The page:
One of the greatest challenges in contemporary physics is to understand the various complex systems in nature. Nonlinear interaction between each element is a major cause of the system's complexity, and therefore the theory of nonlinear dynamics plays an important role in the approach to such issues. The main interests in our laboratory are chaotic dynamics in classical Hamiltonian systems and quantum manifestations of classical chaos (quantum chaos). In particular, we are focusing on quantum tunneling in the presence of chaos; complex WKB methods in chaotic systems; slow relaxation in Hamiltonian systems with internal degrees of freedom; chaotic open quantum systems; and formalisms on adiabatic phenomena.
Quantum chaos is a name of the research subject exploring the quantum manifestation of classical chaos. As is well known, chaos appears only in classical dynamics and does not exist in quantum mechanics in its strict sense. However, chaos in classical mechanics significantly affects the nature of quantum mechanics, and gives rise to various new phenomena absent in the system without chaos. Our group has been focused on purely quantum mechanical phenomena such as quantum tunneling or localization of wave functions. These have wave mechanical origins and have apparently no link to classical mechanics; nevertheless, classical chaos leaves clear fingerprints, even in such purely quantum phenomena. We take the semiclassical approach to understand how classical chaos enriches the corresponding quantum mechanics.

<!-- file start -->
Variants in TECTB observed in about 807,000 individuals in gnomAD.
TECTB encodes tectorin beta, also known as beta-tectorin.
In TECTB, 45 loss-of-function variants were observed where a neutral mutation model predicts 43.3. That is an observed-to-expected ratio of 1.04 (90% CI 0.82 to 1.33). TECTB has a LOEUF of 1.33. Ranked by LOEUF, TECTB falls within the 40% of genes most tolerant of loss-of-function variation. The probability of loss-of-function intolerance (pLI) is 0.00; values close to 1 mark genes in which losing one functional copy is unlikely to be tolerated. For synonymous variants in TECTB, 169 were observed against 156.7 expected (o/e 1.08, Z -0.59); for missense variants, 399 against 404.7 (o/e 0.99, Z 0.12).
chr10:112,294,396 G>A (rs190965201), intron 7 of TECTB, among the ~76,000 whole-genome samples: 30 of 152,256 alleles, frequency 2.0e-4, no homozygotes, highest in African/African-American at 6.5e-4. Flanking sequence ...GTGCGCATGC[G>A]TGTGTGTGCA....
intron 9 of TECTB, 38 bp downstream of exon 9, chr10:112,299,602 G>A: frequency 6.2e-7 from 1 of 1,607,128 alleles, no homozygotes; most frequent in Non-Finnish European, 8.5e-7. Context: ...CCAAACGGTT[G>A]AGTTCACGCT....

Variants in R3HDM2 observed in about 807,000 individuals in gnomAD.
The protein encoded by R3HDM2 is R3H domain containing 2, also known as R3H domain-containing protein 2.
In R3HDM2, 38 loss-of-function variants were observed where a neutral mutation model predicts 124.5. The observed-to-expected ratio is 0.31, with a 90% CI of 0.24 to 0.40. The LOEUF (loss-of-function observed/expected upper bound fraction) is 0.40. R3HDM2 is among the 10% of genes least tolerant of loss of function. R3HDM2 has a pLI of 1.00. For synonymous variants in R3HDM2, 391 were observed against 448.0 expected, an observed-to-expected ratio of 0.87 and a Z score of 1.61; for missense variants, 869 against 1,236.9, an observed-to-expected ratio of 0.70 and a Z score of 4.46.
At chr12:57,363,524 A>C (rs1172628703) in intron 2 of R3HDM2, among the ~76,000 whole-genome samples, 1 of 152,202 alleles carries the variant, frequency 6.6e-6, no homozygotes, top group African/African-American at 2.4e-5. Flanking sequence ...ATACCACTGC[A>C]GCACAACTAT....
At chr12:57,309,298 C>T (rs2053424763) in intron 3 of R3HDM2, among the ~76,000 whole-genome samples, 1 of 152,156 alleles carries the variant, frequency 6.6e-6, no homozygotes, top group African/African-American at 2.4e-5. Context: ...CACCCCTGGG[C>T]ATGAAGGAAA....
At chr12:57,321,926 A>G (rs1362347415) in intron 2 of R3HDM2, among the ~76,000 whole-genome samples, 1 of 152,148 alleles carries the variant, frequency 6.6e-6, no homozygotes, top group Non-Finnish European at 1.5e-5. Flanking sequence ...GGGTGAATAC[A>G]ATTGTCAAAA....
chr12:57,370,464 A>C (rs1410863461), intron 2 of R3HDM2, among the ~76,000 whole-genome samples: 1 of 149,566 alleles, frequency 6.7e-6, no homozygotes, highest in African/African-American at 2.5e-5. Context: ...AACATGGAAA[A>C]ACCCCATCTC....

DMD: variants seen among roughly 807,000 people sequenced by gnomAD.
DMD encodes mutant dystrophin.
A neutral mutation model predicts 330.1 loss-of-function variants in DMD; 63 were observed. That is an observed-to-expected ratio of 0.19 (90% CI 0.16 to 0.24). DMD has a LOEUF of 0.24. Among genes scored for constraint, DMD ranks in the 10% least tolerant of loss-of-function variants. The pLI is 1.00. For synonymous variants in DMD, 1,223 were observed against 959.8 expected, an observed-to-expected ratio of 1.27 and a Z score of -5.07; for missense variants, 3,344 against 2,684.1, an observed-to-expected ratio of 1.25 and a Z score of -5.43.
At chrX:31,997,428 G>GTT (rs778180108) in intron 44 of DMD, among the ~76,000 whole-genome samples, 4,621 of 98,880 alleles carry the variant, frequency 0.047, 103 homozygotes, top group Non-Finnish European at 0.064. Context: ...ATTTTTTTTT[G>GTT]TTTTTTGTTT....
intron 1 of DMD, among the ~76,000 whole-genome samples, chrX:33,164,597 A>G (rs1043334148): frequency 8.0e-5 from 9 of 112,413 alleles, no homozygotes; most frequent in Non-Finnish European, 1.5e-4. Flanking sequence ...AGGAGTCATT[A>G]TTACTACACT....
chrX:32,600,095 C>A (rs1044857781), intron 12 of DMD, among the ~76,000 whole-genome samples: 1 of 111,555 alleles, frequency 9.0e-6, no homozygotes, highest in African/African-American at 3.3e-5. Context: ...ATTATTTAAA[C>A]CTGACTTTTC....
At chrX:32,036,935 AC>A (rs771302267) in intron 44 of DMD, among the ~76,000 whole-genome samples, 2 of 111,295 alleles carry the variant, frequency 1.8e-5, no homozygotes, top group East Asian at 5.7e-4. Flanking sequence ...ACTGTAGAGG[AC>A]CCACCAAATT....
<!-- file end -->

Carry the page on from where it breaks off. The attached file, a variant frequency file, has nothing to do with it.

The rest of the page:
Classical Hamiltonian Dynamics
The phase space of generic Hamiltonian systems is composed of regular and chaotic regions, and various types of invariant structures coexist in a highly complicated manner. The orbits in chaotic components are strongly influenced by those in regular regions, and the nature of long-time correlation significantly differs from that expected in the uniformly hyperbolic system. Our motivation to study classical dynamics in Hamiltonian systems is to seek the origin of slow motions in nature from the microscopic dynamical levels. Our investigation targets systems with a few degrees of freedom to many dimensional systems. For the latter cases, there exist situations in which typical scenarios applied to systems with only a few degrees of freedom do not work.
Complex WKB analysis
The semiclassical method is a widely technique used to obtain asymptotic solutions of differential equations or to evaluate the integral with a small (or large) parameter. However, semiclassical expansions are asymptotic at best and divergent in general; therefore, ambiguities remain in its practical use. In particular, since controlling the exponentially small terms is usually beyond the treatment of asymptotic expansions, the so-called Stokes phenomenon has been handled only in a heuristic manner. We are applying recently developed mathematics, called the exact WKB method, to several physical problems such as quantum tunneling in the presence of chaos, multilevel nonadiabatic transition problems, and so on.
Exotic quantum holonomy
Adiabatic cycles may induce nontrivial changes in quantum systems. A famous example is Berry's phase, which is also called as a phase holonomy. Besides, (quasi-)eigenenergies and eigenspaces of stationary states exhibit nontrivial change, which is referred to as exotic quantum holonomy. We are investigating this phenomenon in various physical systems and seeking its topological structure.